Memorial Day was enacted to honor Union soldiers of the Civil War. It was set on May 30, near the day of reunification. The day was expanded after World War I to include all American casualties of any war or military action.
The federal Memorial Day holiday this year is Monday, May 27. But many communities in Vermont — Stowe and nearby towns included — will hold their services and ceremonies on May 30, with traditionalists standing firm in the belief that a day honoring our war dead is diminished if it is shifted around for the convenience of a three-day weekend. We agree.
In 1861, the United States was knifed in two in a bitter struggle over slavery and the South’s demand to leave the Union. Vermonters joined soldiers from across the land walking and riding south to fight to keep the Union together. Near Washington, D.C., they met soldiers marching north from the Southern states to fight for a separate Confederate government that would protect the right to have slaves.
America’s Civil War lasted four years. It destroyed the land and killed more Americans — some 620,000 — than any other war.
The stories of the war live on, but one song, a hymn really, forever evokes the spirit of the Union soldiers and the sadness and passion of the struggle. The words are religious; the song a praise to God. Social reformer, anti-slavery activist and poet Julia Ward Howe awoke one winter night in Washington, D.C., with the words in her head. The city was filled with soldiers, the hospitals full, the citizens in terror. The battles were just across the Potomac River.
Howe had come to Washington to visit the troops. According to published accounts, the words came to her that night in her hotel room. She was awakened by dreams of marching soldiers.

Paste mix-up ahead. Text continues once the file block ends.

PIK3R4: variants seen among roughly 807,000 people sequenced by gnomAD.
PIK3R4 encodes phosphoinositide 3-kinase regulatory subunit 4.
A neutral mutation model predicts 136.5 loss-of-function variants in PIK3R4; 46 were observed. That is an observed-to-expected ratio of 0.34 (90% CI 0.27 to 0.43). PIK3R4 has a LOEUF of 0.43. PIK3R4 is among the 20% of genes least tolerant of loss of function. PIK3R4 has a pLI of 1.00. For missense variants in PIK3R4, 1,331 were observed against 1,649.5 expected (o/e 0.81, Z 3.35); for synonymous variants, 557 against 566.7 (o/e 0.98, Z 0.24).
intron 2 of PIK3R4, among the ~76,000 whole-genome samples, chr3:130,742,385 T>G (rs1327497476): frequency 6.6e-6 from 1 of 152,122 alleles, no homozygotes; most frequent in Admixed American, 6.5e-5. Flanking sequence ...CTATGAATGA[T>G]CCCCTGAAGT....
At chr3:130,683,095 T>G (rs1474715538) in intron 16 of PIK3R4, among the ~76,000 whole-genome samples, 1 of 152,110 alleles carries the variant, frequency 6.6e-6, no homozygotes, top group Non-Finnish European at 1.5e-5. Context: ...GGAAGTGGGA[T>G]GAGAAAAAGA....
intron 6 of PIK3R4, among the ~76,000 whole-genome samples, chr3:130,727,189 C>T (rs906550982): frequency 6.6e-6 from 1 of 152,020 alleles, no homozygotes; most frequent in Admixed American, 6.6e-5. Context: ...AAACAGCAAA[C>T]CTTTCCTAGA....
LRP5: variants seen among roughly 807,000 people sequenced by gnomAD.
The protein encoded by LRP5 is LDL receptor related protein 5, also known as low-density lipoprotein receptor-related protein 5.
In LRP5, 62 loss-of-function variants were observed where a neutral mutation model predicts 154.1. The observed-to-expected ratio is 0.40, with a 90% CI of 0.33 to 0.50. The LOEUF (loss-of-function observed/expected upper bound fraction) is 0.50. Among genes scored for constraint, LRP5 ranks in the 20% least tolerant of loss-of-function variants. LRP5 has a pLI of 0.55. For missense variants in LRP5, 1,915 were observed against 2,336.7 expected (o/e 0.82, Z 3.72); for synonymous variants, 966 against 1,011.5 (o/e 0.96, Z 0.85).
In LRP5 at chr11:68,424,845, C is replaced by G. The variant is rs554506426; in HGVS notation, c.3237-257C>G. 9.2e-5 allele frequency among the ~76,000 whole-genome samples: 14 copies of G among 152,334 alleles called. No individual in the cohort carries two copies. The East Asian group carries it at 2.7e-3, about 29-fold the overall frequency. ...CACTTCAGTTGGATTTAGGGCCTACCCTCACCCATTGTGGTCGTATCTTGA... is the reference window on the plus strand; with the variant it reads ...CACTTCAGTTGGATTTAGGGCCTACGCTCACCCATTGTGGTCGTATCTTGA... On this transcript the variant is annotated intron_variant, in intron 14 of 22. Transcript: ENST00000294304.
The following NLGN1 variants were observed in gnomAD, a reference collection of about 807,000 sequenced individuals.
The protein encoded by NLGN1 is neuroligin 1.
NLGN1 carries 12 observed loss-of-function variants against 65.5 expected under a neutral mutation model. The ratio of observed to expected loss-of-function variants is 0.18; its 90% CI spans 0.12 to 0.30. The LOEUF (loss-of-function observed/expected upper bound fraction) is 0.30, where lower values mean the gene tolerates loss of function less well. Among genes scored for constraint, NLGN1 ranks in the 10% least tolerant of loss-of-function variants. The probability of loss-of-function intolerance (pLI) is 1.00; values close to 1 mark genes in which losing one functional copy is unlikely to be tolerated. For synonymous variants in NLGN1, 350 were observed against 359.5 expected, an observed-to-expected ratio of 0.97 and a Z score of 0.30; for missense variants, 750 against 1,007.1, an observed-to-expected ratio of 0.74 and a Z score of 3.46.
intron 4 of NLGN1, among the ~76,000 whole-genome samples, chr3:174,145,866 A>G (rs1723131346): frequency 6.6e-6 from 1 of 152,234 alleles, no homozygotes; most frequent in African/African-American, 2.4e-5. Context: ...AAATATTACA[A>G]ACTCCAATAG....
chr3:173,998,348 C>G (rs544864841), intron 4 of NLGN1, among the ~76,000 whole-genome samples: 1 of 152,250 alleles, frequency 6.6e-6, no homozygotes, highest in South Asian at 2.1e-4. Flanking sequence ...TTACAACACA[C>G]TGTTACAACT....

“I found to my surprise that the words were forming themselves in my head,” she later recalled. “I lay still until the last line had completed itself in my thoughts. Then I quickly got out of bed. I thought I would forget the words if I did not write them immediately. I looked for a piece of paper and a pen. Then I began to write the lines of a poem:
‘Mine eyes have seen the glory of the coming of the Lord.
He is trampling out the vintage where the grapes of wrath are stored. He hath loosed the fateful lightning of His terrible swift sword. His truth is marching on.’”
Howe said: “I wrote until I was finished. Then I lay down again and fell asleep. I felt something important had happened to me.” The Atlantic Monthly magazine bought Howe’s poem. Paid her four dollars. She had written the poem to be sung to a soldier’s marching song about abolitionist John Brown. Howe’s version had just the right words for the music and Union soldiers began to sing it as their official marching song. “The Battle Hymn of the Republic,” like all great art, both captures that moment in history and transcends it for eternity.
World War I prompted the expansion of Memorial Day to honor all U.S. war dead. A single poem from that war has become one of the most memorable war poems. “In Flanders Fields” was written in 1915 by Lt. Col. John McCrae, a doctor in the Canadian Army, after battles at Ypres, the site of some of the bloodiest fighting.
The last lines read “…and now we lie in Flanders fields. Take up our quarrel with the foe: To you from failing hands we throw the torch; be yours to hold it high. If ye break faith with us who die we shall not sleep, though poppies grow in Flanders fields.”
It is an apt coincidence that Memorial Day falls in the middle of graduation season, with its commencement advice and its optimism. Life, McCrae is saying, is a gift — and a responsibility. As we acknowledge the nation’s soldiers and how their service might inform the course of our own lives, the words of U.S. naval officer and president, John Kennedy, come to mind: “As we express our gratitude, we must never forget that the highest appreciation is not to utter words, but to live by them.”
— Biddle Duke